Justin Turner Puts It In Overdrive With RISP

An article by posted on September 12, 2011

Justin Turner did it again last night when he drove a clutch double to the center field wall that scored the winning run as the Mets beat the Cubs 5-4 in walk-off style.

This was the second walk-off the season for Turner, who earlier won a game after he was hit by a pitch to force home the game winner for the Mets.

“This one definitely felt better,” Turner said. ”I enjoy being in those situations, definitely.”

With two outs, a man on second and the game tied 4-4 in the ninth, the Cubs intentionally walked Jose Reyes, to face Turner who has excelled this season with runners in scoring position. In fact, manager Terry Collins had no worries seeing Turner up in that situation.

“Of all the guys on the team Turner is probably the most disciplined in those situations,” manager Terry Collins said. “He just wants to put the ball in play and he doesn’t care where it goes.”

Turner, 26, extended his hitting streak to a career high-10 games last night and he’s batting .372 (16-43) during that span. But more important than that, is his propensity to consistently come through in the clutch with runners in scoring position for the Mets.

Turner is now batting .366 with runners in scoring position, the fifth-best mark in the National League. Here are his peripherals with RISP this season:

93 AB – 34 H – 9 2B – 2 HR – 45 RBI – 17 BB – 10 K – .366 BA – .474 OBP – .527 SLG – 1.001 OPS

In comparison, clean-up hitter David Wright is batting .253 with a .772 OPS in 79 at-bats with RISP, while fellow middle of the order hitter Jason Bay, is batting .210 with an .644 OPS in 119 at-bats.

So where does that leave Justin Turner as far as his role on this team next season?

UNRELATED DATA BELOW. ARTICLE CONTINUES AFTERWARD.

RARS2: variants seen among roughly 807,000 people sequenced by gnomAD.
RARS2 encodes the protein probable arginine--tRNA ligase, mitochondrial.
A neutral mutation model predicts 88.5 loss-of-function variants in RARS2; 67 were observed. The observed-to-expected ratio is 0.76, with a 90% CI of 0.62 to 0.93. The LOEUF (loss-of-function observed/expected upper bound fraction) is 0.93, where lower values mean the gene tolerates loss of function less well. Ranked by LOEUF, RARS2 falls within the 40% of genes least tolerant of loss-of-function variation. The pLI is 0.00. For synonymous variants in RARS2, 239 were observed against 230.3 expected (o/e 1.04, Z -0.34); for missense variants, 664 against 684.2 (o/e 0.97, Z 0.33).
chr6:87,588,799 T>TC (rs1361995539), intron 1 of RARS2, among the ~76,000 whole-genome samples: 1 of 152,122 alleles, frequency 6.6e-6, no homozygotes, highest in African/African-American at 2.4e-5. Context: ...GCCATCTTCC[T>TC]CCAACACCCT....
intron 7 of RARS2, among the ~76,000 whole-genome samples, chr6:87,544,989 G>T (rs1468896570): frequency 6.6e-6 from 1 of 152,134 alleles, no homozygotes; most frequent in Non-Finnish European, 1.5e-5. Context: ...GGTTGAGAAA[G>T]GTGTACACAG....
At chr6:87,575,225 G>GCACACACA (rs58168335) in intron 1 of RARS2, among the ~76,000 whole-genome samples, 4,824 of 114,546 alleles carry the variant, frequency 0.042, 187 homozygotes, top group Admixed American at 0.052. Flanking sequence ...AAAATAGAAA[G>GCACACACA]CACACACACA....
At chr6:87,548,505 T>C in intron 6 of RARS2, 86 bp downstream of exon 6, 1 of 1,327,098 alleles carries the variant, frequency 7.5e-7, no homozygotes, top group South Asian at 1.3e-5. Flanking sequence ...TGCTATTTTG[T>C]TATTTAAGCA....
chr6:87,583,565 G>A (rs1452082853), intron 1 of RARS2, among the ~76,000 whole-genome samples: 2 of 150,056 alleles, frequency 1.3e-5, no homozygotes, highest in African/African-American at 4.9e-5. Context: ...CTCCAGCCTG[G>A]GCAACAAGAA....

In my mind, there is no doubt he should be given every opportunity to claim the everyday second base job next Spring.

Just those 45 RBI’s in 93 clutch at-bats alone, is more than enough to justify having his bat in the line-up. Nobody else on the Mets can even touch Turner in those situations.

I’d rather have Turner and his .270 average playing at second base over another player with a higher average and on-base percentage, that shrinks in pressure situations. We’ve had our share of those types over the years.

Sometimes, you just have to go beyond the statistical data, and look at a player’s swagger and fearlessness when the game is on the line. Good hitters are not really that difficult to find, but players as clutch as Turner are the special ones and the ones you keep.

About the Author ()

I'm a lifelong Mets fan who loves writing and talking about the Amazins' 24/7. From the Miracle in 1969 to the magic of 1986, and even the near misses in '73 and '00, I've experienced it all - the highs and the lows. I started Mets Merized Online in 2005 to feed my addiction and interact with other passionate Met fans like you. Follow me on Twitter @metsmerized.

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